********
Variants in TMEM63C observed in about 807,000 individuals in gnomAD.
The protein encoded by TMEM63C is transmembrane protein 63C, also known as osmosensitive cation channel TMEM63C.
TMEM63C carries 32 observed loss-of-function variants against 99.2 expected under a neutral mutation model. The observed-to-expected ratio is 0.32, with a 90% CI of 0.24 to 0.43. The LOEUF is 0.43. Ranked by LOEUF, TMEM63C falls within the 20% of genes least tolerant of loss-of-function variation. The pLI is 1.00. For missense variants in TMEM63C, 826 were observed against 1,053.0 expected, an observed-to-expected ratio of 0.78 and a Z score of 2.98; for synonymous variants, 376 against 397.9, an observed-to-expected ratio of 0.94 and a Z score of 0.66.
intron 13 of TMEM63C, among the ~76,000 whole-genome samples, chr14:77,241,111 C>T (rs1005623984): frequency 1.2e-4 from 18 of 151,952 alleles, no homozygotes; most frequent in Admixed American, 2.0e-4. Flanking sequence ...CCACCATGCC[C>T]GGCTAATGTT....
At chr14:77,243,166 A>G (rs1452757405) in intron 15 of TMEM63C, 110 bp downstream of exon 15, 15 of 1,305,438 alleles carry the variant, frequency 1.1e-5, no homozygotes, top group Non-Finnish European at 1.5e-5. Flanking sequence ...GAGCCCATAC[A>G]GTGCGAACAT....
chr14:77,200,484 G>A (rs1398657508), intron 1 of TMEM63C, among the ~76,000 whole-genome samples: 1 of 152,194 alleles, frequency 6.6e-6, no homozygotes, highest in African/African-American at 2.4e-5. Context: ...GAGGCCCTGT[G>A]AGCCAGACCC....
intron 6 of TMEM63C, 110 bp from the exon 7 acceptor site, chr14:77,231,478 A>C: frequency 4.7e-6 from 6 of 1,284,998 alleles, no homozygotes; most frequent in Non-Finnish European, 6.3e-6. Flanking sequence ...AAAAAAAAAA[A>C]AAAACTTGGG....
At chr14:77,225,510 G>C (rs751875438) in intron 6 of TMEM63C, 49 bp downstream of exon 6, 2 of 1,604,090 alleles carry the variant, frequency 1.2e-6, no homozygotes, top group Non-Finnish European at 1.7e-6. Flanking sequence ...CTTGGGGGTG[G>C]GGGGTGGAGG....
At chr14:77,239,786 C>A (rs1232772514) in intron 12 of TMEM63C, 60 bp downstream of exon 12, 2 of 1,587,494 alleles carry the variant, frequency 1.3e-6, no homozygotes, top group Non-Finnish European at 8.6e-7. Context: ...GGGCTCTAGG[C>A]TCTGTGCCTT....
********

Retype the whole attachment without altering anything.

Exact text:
Variants in TMEM63C observed in about 807,000 individuals in gnomAD.
The protein encoded by TMEM63C is transmembrane protein 63C, also known as osmosensitive cation channel TMEM63C.
TMEM63C carries 32 observed loss-of-function variants against 99.2 expected under a neutral mutation model. The observed-to-expected ratio is 0.32, with a 90% CI of 0.24 to 0.43. The LOEUF is 0.43. Ranked by LOEUF, TMEM63C falls within the 20% of genes least tolerant of loss-of-function variation. The pLI is 1.00. For missense variants in TMEM63C, 826 were observed against 1,053.0 expected, an observed-to-expected ratio of 0.78 and a Z score of 2.98; for synonymous variants, 376 against 397.9, an observed-to-expected ratio of 0.94 and a Z score of 0.66.
intron 13 of TMEM63C, among the ~76,000 whole-genome samples, chr14:77,241,111 C>T (rs1005623984): frequency 1.2e-4 from 18 of 151,952 alleles, no homozygotes; most frequent in Admixed American, 2.0e-4. Flanking sequence ...CCACCATGCC[C>T]GGCTAATGTT....
At chr14:77,243,166 A>G (rs1452757405) in intron 15 of TMEM63C, 110 bp downstream of exon 15, 15 of 1,305,438 alleles carry the variant, frequency 1.1e-5, no homozygotes, top group Non-Finnish European at 1.5e-5. Flanking sequence ...GAGCCCATAC[A>G]GTGCGAACAT....
chr14:77,200,484 G>A (rs1398657508), intron 1 of TMEM63C, among the ~76,000 whole-genome samples: 1 of 152,194 alleles, frequency 6.6e-6, no homozygotes, highest in African/African-American at 2.4e-5. Context: ...GAGGCCCTGT[G>A]AGCCAGACCC....
intron 6 of TMEM63C, 110 bp from the exon 7 acceptor site, chr14:77,231,478 A>C: frequency 4.7e-6 from 6 of 1,284,998 alleles, no homozygotes; most frequent in Non-Finnish European, 6.3e-6. Flanking sequence ...AAAAAAAAAA[A>C]AAAACTTGGG....
At chr14:77,225,510 G>C (rs751875438) in intron 6 of TMEM63C, 49 bp downstream of exon 6, 2 of 1,604,090 alleles carry the variant, frequency 1.2e-6, no homozygotes, top group Non-Finnish European at 1.7e-6. Flanking sequence ...CTTGGGGGTG[G>C]GGGGTGGAGG....
At chr14:77,239,786 C>A (rs1232772514) in intron 12 of TMEM63C, 60 bp downstream of exon 12, 2 of 1,587,494 alleles carry the variant, frequency 1.3e-6, no homozygotes, top group Non-Finnish European at 8.6e-7. Context: ...GGGCTCTAGG[C>A]TCTGTGCCTT....